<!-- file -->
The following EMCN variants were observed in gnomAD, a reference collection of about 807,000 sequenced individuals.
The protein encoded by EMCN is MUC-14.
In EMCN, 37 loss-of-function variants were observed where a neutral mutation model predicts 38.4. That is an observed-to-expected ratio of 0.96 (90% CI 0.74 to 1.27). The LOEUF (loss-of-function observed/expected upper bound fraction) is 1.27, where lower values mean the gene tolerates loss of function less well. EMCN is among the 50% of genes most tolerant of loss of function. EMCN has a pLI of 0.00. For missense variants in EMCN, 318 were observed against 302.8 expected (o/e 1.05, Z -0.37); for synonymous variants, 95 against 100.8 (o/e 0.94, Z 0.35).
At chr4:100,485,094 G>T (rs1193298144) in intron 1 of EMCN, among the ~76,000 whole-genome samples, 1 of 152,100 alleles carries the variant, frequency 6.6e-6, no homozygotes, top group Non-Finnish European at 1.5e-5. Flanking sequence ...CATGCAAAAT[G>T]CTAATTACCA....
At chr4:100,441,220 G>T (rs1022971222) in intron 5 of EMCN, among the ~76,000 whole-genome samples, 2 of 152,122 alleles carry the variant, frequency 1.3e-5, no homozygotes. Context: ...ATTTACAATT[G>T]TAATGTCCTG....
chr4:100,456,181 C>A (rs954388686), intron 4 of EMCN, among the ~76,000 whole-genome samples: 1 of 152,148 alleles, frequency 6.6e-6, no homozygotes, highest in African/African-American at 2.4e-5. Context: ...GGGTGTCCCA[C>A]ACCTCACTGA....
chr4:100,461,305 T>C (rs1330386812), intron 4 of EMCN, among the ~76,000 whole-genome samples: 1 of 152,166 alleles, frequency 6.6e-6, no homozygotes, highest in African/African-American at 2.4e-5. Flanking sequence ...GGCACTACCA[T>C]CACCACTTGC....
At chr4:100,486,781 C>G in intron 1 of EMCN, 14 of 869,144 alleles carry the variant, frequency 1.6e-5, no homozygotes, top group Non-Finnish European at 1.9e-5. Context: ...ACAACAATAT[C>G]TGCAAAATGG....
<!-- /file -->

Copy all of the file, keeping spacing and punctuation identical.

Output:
The following EMCN variants were observed in gnomAD, a reference collection of about 807,000 sequenced individuals.
The protein encoded by EMCN is MUC-14.
In EMCN, 37 loss-of-function variants were observed where a neutral mutation model predicts 38.4. That is an observed-to-expected ratio of 0.96 (90% CI 0.74 to 1.27). The LOEUF (loss-of-function observed/expected upper bound fraction) is 1.27, where lower values mean the gene tolerates loss of function less well. EMCN is among the 50% of genes most tolerant of loss of function. EMCN has a pLI of 0.00. For missense variants in EMCN, 318 were observed against 302.8 expected (o/e 1.05, Z -0.37); for synonymous variants, 95 against 100.8 (o/e 0.94, Z 0.35).
At chr4:100,485,094 G>T (rs1193298144) in intron 1 of EMCN, among the ~76,000 whole-genome samples, 1 of 152,100 alleles carries the variant, frequency 6.6e-6, no homozygotes, top group Non-Finnish European at 1.5e-5. Flanking sequence ...CATGCAAAAT[G>T]CTAATTACCA....
At chr4:100,441,220 G>T (rs1022971222) in intron 5 of EMCN, among the ~76,000 whole-genome samples, 2 of 152,122 alleles carry the variant, frequency 1.3e-5, no homozygotes. Context: ...ATTTACAATT[G>T]TAATGTCCTG....
chr4:100,456,181 C>A (rs954388686), intron 4 of EMCN, among the ~76,000 whole-genome samples: 1 of 152,148 alleles, frequency 6.6e-6, no homozygotes, highest in African/African-American at 2.4e-5. Context: ...GGGTGTCCCA[C>A]ACCTCACTGA....
chr4:100,461,305 T>C (rs1330386812), intron 4 of EMCN, among the ~76,000 whole-genome samples: 1 of 152,166 alleles, frequency 6.6e-6, no homozygotes, highest in African/African-American at 2.4e-5. Flanking sequence ...GGCACTACCA[T>C]CACCACTTGC....
At chr4:100,486,781 C>G in intron 1 of EMCN, 14 of 869,144 alleles carry the variant, frequency 1.6e-5, no homozygotes, top group Non-Finnish European at 1.9e-5. Context: ...ACAACAATAT[C>G]TGCAAAATGG....